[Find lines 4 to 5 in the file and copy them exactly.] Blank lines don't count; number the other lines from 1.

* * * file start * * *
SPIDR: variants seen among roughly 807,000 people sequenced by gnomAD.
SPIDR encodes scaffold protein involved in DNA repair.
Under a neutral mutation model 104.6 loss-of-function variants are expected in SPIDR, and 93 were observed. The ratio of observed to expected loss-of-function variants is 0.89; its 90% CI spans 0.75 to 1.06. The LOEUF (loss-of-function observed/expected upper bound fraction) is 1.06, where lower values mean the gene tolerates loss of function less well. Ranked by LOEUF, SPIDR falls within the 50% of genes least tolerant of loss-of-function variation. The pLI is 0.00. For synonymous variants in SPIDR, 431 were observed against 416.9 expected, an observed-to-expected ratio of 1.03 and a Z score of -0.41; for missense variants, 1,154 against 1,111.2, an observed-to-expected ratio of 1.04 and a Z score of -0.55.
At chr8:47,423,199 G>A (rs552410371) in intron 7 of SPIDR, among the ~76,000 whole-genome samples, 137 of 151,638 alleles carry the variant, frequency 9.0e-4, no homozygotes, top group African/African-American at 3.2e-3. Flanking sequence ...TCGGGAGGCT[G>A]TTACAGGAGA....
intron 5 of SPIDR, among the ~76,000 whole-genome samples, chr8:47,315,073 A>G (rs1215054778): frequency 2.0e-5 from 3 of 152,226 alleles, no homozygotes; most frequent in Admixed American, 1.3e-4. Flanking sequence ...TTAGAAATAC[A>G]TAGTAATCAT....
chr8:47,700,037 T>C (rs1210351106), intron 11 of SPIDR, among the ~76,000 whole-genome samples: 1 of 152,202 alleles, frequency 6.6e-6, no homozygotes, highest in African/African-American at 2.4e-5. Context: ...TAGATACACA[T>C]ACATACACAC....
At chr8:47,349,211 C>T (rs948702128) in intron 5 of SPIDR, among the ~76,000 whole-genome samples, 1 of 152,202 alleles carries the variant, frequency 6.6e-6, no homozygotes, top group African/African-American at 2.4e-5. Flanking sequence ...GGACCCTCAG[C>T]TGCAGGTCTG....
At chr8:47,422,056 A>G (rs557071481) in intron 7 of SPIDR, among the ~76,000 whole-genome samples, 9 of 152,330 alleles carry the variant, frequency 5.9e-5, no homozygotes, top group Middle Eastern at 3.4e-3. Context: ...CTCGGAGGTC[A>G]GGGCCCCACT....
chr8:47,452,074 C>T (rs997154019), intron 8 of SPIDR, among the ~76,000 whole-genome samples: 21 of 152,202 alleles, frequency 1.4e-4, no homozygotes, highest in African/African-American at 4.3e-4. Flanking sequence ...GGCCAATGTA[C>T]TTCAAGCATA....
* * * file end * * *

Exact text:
At chr8:47,423,199 G>A (rs552410371) in intron 7 of SPIDR, among the ~76,000 whole-genome samples, 137 of 151,638 alleles carry the variant, frequency 9.0e-4, no homozygotes, top group African/African-American at 3.2e-3. Flanking sequence ...TCGGGAGGCT[G>A]TTACAGGAGA....
intron 5 of SPIDR, among the ~76,000 whole-genome samples, chr8:47,315,073 A>G (rs1215054778): frequency 2.0e-5 from 3 of 152,226 alleles, no homozygotes; most frequent in Admixed American, 1.3e-4. Flanking sequence ...TTAGAAATAC[A>G]TAGTAATCAT....